Considerable progress has been made, despite many challenges, in the development of a stem cell microscope capable of imaging stem cells and their progeny noninvasively inside a living animal. From what we have learned from our first prototype device, we have planned significant improvements for the 2nd year of this grant. We have also developed and demonstrated a prototype device that can simultaneously acquire SPECT and MRI images of a mouse. Together with the microscope, these devices will provide tri-resolution visualization of stem cells and their tissue environment.
In parallel, we have developed and demonstrated successfully a technique to label stem cells and their progeny for observation by the microscope and SPECT. Mouse mesenchymal stem cells (MSCs) are infected by a lentivirus carrying the human sodium iodide symporter (hNIS) gene. These engineered MSCs and their progeny then overexpress hNIS which is normally found only on cell membranes in the thyroid, salivary glands, and the stomach. At any time after the MSCs are introduced into a mouse – even days or months later – they can be labeled with a radioactive tracer and imaged to track their position. An intravenous injection of Technetium-99m-sodium pertechnetate, for example, will result in the hNIS expressing cells taking up significant tracer. The stem cell microscope or small animal microSPECT scanner can then image the stem cells and their progeny.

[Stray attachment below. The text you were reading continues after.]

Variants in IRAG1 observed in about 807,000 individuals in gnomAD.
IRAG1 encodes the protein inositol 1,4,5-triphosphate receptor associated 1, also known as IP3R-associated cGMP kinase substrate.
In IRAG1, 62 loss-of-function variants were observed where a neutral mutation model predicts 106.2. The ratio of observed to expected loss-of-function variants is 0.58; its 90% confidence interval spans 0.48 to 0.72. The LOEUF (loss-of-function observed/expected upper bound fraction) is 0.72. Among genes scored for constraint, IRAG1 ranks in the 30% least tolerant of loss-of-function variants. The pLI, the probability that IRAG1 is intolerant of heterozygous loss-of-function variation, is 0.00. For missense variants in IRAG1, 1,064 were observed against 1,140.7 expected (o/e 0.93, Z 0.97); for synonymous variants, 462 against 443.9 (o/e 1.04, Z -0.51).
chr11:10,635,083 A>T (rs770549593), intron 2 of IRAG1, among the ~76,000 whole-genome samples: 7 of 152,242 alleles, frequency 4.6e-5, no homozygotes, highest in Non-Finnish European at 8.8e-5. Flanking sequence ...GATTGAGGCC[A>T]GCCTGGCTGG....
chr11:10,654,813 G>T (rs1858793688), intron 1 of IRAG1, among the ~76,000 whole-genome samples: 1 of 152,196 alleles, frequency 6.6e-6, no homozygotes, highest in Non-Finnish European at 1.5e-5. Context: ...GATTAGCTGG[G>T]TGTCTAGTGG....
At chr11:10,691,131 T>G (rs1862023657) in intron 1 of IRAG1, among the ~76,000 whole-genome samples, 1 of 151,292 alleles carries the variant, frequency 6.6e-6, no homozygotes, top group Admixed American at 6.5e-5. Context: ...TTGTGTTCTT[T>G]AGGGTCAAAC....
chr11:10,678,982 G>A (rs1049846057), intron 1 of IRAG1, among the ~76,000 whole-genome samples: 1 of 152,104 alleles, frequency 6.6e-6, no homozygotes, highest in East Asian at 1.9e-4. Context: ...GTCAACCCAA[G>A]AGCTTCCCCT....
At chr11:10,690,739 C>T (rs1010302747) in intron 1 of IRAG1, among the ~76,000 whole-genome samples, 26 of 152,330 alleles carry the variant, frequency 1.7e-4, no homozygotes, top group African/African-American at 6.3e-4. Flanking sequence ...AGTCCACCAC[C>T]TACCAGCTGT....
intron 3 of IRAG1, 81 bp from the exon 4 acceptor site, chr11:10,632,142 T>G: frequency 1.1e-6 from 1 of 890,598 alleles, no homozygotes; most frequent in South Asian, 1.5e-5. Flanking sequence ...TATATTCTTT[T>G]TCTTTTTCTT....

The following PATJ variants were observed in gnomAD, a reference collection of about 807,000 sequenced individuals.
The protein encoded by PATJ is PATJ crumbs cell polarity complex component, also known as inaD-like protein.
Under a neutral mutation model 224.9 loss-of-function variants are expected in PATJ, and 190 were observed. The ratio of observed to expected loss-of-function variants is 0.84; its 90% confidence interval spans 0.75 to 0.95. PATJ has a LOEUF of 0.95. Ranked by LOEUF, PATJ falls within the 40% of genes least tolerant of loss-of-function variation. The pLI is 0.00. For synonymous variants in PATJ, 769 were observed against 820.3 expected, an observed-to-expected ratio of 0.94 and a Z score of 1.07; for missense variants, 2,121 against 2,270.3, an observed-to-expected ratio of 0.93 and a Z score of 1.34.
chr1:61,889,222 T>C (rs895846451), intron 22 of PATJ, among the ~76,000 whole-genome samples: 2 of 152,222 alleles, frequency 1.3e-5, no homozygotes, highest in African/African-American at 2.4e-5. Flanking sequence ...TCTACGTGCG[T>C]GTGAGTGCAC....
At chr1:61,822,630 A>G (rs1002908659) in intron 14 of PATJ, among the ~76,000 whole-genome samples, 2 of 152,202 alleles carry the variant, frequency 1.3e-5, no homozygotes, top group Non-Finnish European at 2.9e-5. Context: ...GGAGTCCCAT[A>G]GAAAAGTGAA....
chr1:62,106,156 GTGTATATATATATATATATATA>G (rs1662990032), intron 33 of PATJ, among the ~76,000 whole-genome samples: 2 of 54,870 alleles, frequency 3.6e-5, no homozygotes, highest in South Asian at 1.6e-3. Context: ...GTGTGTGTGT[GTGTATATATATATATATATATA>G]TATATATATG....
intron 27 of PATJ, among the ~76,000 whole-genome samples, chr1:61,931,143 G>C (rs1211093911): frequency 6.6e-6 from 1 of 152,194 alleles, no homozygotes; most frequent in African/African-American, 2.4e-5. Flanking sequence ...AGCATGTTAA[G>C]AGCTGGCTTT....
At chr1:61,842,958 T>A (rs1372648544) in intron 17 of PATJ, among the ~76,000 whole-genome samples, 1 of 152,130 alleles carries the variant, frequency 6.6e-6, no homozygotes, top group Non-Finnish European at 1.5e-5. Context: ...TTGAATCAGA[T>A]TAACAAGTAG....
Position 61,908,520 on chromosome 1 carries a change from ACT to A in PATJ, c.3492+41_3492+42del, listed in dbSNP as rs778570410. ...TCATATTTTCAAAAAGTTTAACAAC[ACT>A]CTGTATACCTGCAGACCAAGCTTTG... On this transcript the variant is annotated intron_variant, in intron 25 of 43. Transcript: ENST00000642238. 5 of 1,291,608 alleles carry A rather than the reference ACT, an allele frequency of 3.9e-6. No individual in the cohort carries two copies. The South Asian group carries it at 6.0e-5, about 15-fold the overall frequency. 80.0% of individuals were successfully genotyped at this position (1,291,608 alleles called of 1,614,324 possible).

In year 2 of this grant we will refine the imaging hardware, reconstruction software, and mouse model of Achille’s tendon injury and stem cell therapy. In year 3 we will put the imaging devices and animals together to test the ability to track stem cells and monitor their tissue environment.